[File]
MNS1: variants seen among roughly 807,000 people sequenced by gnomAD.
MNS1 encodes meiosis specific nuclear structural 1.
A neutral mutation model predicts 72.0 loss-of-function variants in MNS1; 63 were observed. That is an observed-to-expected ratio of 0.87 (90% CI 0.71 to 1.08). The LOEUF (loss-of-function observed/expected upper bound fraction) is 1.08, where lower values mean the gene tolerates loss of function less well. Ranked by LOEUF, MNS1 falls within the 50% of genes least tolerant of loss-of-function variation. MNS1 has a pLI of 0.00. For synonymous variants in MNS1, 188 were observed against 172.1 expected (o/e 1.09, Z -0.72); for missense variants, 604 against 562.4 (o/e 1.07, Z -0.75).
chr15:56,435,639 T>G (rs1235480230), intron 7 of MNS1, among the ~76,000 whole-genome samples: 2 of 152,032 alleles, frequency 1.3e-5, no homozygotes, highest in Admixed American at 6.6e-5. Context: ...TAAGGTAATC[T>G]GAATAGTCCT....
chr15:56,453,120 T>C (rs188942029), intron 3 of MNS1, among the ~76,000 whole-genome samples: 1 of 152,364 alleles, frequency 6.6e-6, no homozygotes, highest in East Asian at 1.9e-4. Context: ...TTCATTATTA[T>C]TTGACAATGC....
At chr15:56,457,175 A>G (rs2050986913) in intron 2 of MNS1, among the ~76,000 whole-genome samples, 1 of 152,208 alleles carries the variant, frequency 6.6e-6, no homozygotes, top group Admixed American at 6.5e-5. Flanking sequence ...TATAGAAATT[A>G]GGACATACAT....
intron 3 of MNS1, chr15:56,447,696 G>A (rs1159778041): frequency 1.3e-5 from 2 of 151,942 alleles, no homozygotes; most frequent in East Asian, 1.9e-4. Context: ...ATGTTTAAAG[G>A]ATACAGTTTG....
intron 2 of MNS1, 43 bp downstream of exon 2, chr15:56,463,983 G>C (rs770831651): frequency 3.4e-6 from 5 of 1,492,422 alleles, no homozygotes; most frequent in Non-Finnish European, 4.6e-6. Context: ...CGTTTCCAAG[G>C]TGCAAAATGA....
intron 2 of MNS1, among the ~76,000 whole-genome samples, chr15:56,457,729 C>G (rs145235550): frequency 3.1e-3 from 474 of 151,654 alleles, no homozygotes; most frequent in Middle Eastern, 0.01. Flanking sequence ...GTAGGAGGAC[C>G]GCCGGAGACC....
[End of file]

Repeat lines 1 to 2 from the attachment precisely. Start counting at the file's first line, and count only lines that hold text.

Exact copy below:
MNS1: variants seen among roughly 807,000 people sequenced by gnomAD.
MNS1 encodes meiosis specific nuclear structural 1.